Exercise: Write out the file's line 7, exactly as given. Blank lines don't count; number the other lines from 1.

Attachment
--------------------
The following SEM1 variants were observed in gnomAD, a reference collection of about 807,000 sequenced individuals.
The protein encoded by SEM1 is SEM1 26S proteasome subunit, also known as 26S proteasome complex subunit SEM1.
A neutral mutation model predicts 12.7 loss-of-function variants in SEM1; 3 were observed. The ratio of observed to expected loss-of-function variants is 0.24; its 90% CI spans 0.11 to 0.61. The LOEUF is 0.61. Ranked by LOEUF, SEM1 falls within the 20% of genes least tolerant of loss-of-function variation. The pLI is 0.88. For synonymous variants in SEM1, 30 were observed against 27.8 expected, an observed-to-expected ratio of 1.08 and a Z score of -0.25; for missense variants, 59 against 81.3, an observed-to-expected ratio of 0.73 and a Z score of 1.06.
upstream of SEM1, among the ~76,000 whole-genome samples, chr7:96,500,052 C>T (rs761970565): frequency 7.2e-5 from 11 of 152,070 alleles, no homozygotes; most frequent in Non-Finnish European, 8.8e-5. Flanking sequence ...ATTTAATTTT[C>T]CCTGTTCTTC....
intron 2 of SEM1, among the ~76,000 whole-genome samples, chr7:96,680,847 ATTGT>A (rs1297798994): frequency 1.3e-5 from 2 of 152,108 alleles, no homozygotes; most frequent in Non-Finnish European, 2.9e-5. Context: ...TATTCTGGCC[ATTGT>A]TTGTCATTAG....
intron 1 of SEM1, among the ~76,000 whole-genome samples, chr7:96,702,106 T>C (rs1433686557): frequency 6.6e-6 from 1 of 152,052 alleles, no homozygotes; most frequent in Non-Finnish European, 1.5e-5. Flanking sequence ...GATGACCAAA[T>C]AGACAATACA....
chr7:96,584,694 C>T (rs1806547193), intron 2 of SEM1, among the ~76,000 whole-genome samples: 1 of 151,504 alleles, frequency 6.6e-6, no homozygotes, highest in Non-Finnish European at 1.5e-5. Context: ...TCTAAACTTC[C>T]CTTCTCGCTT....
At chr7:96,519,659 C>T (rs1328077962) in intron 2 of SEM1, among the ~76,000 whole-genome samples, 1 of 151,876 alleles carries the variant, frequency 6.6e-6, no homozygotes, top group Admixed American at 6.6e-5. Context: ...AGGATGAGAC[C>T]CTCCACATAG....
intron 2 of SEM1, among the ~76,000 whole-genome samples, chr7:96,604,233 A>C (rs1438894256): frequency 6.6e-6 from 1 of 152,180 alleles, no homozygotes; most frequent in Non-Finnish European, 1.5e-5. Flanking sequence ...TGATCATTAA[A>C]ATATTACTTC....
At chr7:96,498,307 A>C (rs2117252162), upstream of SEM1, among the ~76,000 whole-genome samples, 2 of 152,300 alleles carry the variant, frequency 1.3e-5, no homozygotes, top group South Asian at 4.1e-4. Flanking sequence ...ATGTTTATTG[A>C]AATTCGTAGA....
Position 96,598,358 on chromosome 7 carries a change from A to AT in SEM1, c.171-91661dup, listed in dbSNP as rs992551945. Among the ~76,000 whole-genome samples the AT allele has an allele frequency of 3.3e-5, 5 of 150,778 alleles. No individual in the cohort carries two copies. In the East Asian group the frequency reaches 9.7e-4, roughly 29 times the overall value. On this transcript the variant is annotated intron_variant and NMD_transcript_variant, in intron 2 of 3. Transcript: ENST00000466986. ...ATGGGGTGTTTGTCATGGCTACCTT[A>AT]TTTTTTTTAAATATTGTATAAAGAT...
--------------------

chr7:96,584,694 C>T (rs1806547193), intron 2 of SEM1, among the ~76,000 whole-genome samples: 1 of 151,504 alleles, frequency 6.6e-6, no homozygotes, highest in Non-Finnish European at 1.5e-5. Context: ...TCTAAACTTC[C>T]CTTCTCGCTT....